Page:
"Tracing" the Heap<T> is just telling the GC about an edge from some
other GC thing (in my example above the Node wrapper JS object) to the
thing stored in the Heap<T>.

-Boris
Boris Zbarsky
2015-06-01 15:30:02 UTC
Permalink
Post by Kent Williams
https://developer.mozilla.org/en-US/docs/Mozilla/Projects/SpiderMonkey/GC_Rooting_Guide
Yes, indeed.
Post by Kent Williams
How this works -- and someone correct me if I'm wrong -- is that
JS::Value and JS::RootedObject (and JS::RootedString) are
reference-counting objects.
I assume you meant JS::RootedValue.

These are not reference counts. They just add an entry to a "list of
things to keep alive". That said, the effect is pretty similar to what
it would be with reference counts, as long as you stick to putting
Rooted<T> on the stack.
Post by Kent Williams
So when a JS::Rooted<T> object or JS::Heap<T> object goes out of scope,
A Heap<T> doesn't do anything to keep anything alive. It just provides
notifications to the GC when it gets assigned to... If you want to keep
something stored in a Heap<T> alive, you have to trace it.

-Boris
Second Datke
2015-06-01 17:28:49 UTC
Permalink
在 2015年6月1日星期一 UTC+8下午10:35:23,Kent Williams写道:
Post by Kent Williams
https://developer.mozilla.org/en-US/docs/Mozilla/Projects/SpiderMonkey/GC_Rooting_Guide
Second 'Heap' means dynamically allocated. If you look at the section
"GC Things on the heap" it shows you an example.
What you're doing is kind of wrong. You can have (as the example shows)
an instance of JS::Heap
JS::Heap<JS::Value> mSomeObject;
as part of your Node structure/class.
Then you can create objects with JS_NewObject* functions, and assign to
mSomeObject.
You can also assign to a RootedValue, and then assign to a
JS::Heap<JS::Value> object from the RootedValue.
How this works -- and someone correct me if I'm wrong -- is that
JS::Value and JS::RootedObject (and JS::RootedString) are
reference-counting objects. Bare pointers are leaps waiting to happen,
by 'rooting' a pointer, you're letting the GC system know about it.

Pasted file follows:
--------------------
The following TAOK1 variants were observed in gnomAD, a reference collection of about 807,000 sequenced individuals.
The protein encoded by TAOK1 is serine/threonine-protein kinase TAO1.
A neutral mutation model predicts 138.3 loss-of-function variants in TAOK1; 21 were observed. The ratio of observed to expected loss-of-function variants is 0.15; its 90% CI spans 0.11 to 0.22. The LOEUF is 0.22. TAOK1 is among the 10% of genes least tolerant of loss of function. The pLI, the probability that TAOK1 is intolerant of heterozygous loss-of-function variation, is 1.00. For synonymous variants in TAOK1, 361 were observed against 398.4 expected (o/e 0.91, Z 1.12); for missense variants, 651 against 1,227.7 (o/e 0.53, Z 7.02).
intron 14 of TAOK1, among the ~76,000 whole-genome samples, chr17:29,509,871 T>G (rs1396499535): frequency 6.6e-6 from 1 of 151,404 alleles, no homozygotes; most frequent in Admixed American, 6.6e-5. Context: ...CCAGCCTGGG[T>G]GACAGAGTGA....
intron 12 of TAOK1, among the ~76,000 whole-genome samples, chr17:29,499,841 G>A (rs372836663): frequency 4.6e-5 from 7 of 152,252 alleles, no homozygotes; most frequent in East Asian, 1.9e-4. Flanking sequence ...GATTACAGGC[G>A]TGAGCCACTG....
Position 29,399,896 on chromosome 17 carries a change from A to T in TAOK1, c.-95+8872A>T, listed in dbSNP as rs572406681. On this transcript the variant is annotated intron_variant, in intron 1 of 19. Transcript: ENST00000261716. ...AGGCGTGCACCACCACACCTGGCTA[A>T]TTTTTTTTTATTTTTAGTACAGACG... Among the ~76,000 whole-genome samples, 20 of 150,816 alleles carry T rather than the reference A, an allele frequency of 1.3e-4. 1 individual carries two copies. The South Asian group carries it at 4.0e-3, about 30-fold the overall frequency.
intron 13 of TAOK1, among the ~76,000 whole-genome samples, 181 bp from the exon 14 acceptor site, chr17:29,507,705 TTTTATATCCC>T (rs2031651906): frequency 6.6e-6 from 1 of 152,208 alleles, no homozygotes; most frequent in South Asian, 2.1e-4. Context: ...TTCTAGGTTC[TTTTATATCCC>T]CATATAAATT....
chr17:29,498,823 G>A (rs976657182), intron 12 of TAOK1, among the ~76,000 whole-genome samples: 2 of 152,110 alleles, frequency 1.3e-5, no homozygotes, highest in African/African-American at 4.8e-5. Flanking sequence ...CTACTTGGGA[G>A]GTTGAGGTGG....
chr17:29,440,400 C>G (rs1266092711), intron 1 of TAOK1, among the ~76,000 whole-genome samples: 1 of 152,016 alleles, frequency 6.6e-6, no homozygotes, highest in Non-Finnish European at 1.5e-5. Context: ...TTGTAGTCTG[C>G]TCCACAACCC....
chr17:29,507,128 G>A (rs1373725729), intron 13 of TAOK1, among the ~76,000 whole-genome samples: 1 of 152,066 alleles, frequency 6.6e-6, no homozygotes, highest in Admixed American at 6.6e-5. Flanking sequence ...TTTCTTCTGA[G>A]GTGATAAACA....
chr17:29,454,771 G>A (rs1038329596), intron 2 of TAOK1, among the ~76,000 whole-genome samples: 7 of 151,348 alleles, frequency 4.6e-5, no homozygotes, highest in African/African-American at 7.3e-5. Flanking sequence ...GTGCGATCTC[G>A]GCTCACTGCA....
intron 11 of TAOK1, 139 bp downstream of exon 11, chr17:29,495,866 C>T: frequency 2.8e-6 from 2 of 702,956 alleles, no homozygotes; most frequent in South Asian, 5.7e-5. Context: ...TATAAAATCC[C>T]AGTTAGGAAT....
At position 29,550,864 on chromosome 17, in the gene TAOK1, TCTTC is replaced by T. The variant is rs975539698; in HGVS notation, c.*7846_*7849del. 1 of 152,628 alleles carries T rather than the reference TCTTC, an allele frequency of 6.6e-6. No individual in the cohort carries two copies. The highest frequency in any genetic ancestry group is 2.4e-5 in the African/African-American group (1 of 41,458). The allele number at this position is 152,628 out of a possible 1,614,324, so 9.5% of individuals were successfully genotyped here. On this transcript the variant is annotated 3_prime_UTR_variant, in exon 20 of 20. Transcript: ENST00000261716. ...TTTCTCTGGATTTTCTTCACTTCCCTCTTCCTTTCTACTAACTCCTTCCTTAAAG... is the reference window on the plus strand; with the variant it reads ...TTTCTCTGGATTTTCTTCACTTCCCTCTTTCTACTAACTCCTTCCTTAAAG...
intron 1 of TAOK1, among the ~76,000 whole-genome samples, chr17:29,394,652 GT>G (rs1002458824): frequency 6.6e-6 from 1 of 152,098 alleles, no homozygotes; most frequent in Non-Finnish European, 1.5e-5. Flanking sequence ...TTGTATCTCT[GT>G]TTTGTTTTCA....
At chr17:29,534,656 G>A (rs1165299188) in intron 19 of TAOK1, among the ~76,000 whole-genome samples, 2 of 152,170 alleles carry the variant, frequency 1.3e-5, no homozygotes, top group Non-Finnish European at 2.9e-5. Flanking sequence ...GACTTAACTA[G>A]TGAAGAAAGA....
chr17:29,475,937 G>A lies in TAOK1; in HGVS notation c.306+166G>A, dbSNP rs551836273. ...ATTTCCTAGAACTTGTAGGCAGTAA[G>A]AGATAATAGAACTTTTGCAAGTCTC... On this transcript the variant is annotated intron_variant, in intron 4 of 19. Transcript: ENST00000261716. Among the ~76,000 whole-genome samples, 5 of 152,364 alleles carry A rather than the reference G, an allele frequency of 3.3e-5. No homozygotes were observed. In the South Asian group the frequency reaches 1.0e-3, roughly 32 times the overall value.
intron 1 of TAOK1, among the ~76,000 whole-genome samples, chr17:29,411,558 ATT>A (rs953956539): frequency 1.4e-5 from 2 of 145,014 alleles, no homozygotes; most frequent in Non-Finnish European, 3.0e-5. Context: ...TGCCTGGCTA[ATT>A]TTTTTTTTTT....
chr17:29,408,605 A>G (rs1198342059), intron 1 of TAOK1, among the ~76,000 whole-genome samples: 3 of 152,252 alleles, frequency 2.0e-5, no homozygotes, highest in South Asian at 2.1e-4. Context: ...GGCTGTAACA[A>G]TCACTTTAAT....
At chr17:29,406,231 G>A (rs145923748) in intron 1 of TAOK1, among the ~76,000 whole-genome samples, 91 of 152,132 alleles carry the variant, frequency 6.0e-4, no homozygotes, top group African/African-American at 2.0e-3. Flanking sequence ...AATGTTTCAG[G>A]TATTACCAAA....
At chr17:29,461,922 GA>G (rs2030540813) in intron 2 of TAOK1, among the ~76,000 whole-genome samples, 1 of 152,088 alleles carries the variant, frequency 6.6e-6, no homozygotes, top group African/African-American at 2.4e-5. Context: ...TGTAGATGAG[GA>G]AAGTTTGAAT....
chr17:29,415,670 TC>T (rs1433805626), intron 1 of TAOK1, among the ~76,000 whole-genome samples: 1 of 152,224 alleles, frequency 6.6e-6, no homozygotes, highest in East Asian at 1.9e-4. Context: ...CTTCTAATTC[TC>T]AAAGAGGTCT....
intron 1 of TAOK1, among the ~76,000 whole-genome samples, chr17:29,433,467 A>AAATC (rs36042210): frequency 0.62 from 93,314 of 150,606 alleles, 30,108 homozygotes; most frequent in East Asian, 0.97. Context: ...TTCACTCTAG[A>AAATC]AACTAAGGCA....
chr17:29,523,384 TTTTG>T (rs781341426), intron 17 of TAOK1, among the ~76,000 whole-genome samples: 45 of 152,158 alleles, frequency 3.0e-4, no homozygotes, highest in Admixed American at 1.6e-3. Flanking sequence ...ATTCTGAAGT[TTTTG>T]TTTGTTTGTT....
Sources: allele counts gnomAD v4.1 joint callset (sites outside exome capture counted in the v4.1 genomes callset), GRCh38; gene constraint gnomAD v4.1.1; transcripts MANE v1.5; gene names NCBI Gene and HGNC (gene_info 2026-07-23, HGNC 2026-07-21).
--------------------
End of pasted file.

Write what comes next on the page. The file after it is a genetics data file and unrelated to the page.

So when a JS::Rooted<T> object or JS::Heap<T> object goes out of scope,
its reference count is decremented, and objects with a reference count
of zero are candidates for garbage collection.
Post by Second Datke
Hi, I'm working on integrating SpiderMonkey with my game engine. I have some "Nodes", for which I would like to have a data field with an empty value initially and to be set in script. And the node just holds a reference to it's data field, it may read its properties at any time, and also keeps it from being GCed while the node is alive.
As you can see, nodes are mortal, so PersistentRooted is passed, as its documented to be used for objects that lives as long as the program. Heap objects is another option provided in SpiderMonkey, but I'm not very clear about what "heap" is, and it is said that heap objects needs to be traced manually, so what does "Heap" and "trace" means here, what's the relationship of them and GC? If I have many nodes, that is, many PersistentRooted or Heap, would it lead to slow performance?
Currently I used a workaround for it. I defined a "HandleValue *data", initialize with UndefinedHandleValue, and "repoint" to a RootedValue in setters (and obviously getters use rval().set(HandleValue)). I dont know whether it's GC friendly, or may lead to undefined behavior, since Handle/MutableHandle is only for callback parameters, and RootedValue only for stack according to the guide. But it seems work.
_______________________________________________
dev-tech-js-engine mailing list
https://lists.mozilla.org/listinfo/dev-tech-js-engine
--
*Kent Williams*| C++ Developer
*CourseLeaf from Leepfrog Technologies *
/“The Process of Academic Change”
/319-337-3877 | courseleaf.com <http://www.courseleaf.com/>
/This message contains confidential information and is intended only for
the individual named. If you are not the intended recipient of this
transmission or a person responsible for delivering it to the intended
recipient, any disclosure, copying, distribution, or other use of any of
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Thanks. I read it for several times and I'm not very clear of some concepts in it (such as "Rooting", "Heap", "Trace" etc.) so I'm asking here, since I'm not very familiar about memory stuffs.

And yes, what I want is just reference counting that shared among C++ and JS. I'll demonstrate my idea more clearly: I have a C++ Node class, which can be accessed from JS, and it has a JS data field, which can be accessed from both C++ and JS, and I want it integrated in to the Node class as a field. It's value is assigned in JS and as long as the Node is alive, whether the JS side holds any reference to the data or not, the data would not be collected. But when the Node is deleted, if the data is referenced by JS, it would also keep away from being collected.
Boris Zbarsky
2015-06-01 18:27:21 UTC
Permalink
Post by Second Datke
And yes, what I want is just reference counting that shared among C++ and JS.
No, you don't, unless you know your references are acyclic or you have a
reference cycle collector.
Post by Second Datke
I'll demonstrate my idea more clearly: I have a C++ Node class, which can be accessed from JS
How, exactly? The details here matter.